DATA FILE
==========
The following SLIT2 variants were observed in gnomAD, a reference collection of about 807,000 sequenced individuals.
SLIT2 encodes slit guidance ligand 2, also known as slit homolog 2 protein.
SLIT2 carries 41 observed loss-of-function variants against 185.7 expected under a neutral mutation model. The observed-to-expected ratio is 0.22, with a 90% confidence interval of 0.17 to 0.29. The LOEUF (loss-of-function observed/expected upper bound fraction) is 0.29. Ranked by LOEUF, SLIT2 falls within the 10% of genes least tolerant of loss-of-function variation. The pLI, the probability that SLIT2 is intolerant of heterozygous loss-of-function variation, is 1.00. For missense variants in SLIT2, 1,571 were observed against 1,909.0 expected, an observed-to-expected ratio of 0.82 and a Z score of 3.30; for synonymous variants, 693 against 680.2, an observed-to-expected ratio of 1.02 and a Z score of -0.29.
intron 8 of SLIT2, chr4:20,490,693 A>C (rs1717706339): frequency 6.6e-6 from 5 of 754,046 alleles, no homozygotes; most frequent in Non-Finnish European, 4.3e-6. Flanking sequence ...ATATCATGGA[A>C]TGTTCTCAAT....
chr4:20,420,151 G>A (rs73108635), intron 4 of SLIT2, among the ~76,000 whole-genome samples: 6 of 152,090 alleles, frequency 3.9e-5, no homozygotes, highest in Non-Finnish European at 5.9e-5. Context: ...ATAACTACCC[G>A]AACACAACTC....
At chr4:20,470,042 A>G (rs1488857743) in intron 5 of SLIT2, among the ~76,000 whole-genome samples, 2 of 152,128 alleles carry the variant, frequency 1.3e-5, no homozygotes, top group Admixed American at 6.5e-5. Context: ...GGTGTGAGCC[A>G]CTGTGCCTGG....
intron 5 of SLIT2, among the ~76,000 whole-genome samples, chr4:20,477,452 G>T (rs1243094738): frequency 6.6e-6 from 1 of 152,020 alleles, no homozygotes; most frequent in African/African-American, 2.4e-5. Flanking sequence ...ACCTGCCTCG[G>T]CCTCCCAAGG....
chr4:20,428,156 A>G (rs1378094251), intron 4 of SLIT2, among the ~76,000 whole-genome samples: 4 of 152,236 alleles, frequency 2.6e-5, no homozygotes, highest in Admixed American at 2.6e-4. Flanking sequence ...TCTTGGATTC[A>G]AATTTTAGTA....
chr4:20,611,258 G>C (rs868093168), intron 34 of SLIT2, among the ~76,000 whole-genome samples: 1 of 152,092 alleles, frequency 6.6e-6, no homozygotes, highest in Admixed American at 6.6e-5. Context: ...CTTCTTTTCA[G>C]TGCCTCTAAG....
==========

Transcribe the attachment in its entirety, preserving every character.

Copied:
The following SLIT2 variants were observed in gnomAD, a reference collection of about 807,000 sequenced individuals.
SLIT2 encodes slit guidance ligand 2, also known as slit homolog 2 protein.
SLIT2 carries 41 observed loss-of-function variants against 185.7 expected under a neutral mutation model. The observed-to-expected ratio is 0.22, with a 90% confidence interval of 0.17 to 0.29. The LOEUF (loss-of-function observed/expected upper bound fraction) is 0.29. Ranked by LOEUF, SLIT2 falls within the 10% of genes least tolerant of loss-of-function variation. The pLI, the probability that SLIT2 is intolerant of heterozygous loss-of-function variation, is 1.00. For missense variants in SLIT2, 1,571 were observed against 1,909.0 expected, an observed-to-expected ratio of 0.82 and a Z score of 3.30; for synonymous variants, 693 against 680.2, an observed-to-expected ratio of 1.02 and a Z score of -0.29.
intron 8 of SLIT2, chr4:20,490,693 A>C (rs1717706339): frequency 6.6e-6 from 5 of 754,046 alleles, no homozygotes; most frequent in Non-Finnish European, 4.3e-6. Flanking sequence ...ATATCATGGA[A>C]TGTTCTCAAT....
chr4:20,420,151 G>A (rs73108635), intron 4 of SLIT2, among the ~76,000 whole-genome samples: 6 of 152,090 alleles, frequency 3.9e-5, no homozygotes, highest in Non-Finnish European at 5.9e-5. Context: ...ATAACTACCC[G>A]AACACAACTC....
At chr4:20,470,042 A>G (rs1488857743) in intron 5 of SLIT2, among the ~76,000 whole-genome samples, 2 of 152,128 alleles carry the variant, frequency 1.3e-5, no homozygotes, top group Admixed American at 6.5e-5. Context: ...GGTGTGAGCC[A>G]CTGTGCCTGG....
intron 5 of SLIT2, among the ~76,000 whole-genome samples, chr4:20,477,452 G>T (rs1243094738): frequency 6.6e-6 from 1 of 152,020 alleles, no homozygotes; most frequent in African/African-American, 2.4e-5. Flanking sequence ...ACCTGCCTCG[G>T]CCTCCCAAGG....
chr4:20,428,156 A>G (rs1378094251), intron 4 of SLIT2, among the ~76,000 whole-genome samples: 4 of 152,236 alleles, frequency 2.6e-5, no homozygotes, highest in Admixed American at 2.6e-4. Flanking sequence ...TCTTGGATTC[A>G]AATTTTAGTA....
chr4:20,611,258 G>C (rs868093168), intron 34 of SLIT2, among the ~76,000 whole-genome samples: 1 of 152,092 alleles, frequency 6.6e-6, no homozygotes, highest in Admixed American at 6.6e-5. Context: ...CTTCTTTTCA[G>C]TGCCTCTAAG....